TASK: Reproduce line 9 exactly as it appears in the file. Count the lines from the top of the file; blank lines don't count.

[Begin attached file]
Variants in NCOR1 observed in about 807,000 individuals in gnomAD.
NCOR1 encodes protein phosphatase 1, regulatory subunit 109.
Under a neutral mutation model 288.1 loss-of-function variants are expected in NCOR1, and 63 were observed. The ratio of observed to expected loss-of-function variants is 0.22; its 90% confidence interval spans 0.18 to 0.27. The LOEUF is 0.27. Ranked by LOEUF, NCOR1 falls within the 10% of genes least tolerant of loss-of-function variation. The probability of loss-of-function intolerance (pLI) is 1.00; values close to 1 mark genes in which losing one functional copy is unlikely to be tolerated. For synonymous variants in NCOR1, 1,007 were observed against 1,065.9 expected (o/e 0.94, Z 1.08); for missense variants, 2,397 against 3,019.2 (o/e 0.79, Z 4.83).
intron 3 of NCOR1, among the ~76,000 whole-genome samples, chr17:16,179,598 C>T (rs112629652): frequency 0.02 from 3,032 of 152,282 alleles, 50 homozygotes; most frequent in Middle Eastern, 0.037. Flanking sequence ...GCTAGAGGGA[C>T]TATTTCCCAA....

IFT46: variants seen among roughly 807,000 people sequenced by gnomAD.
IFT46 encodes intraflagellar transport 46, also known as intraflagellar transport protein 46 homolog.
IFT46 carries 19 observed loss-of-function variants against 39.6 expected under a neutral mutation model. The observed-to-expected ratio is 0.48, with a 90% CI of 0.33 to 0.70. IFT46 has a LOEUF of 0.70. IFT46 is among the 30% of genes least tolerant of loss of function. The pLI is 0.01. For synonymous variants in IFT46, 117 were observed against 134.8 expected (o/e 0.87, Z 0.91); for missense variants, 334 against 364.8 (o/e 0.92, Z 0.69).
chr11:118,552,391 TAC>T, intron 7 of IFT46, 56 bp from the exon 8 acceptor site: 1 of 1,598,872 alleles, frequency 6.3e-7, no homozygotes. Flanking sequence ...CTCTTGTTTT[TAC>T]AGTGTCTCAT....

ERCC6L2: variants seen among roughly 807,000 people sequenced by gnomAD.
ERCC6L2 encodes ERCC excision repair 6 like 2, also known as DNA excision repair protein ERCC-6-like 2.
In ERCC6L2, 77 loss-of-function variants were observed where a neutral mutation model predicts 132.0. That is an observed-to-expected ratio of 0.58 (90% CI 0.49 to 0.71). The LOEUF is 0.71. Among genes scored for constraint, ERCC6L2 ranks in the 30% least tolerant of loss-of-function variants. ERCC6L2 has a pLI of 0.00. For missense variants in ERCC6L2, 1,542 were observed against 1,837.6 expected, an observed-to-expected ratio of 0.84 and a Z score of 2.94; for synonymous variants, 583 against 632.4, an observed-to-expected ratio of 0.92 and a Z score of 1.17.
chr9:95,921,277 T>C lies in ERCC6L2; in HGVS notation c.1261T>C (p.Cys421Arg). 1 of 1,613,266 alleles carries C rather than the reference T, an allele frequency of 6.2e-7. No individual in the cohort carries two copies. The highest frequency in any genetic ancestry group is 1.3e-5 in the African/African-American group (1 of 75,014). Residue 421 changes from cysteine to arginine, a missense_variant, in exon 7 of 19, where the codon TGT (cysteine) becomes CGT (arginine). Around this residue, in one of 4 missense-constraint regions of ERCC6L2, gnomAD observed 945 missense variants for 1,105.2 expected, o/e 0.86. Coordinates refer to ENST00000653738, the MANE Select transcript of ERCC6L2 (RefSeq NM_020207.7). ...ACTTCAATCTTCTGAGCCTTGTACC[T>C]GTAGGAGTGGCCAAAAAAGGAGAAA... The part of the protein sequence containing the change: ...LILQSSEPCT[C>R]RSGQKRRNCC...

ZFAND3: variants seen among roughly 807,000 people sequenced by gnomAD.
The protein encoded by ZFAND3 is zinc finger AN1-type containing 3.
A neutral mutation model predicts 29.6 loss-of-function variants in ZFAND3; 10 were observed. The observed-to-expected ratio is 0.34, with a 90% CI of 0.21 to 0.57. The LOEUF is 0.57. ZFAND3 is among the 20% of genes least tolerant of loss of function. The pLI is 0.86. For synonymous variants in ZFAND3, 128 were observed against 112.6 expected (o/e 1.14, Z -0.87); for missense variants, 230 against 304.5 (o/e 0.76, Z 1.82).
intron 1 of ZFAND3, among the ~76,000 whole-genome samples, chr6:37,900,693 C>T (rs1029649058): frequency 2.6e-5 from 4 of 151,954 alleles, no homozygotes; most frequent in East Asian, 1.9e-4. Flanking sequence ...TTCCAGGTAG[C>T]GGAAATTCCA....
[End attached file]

ERCC6L2: variants seen among roughly 807,000 people sequenced by gnomAD.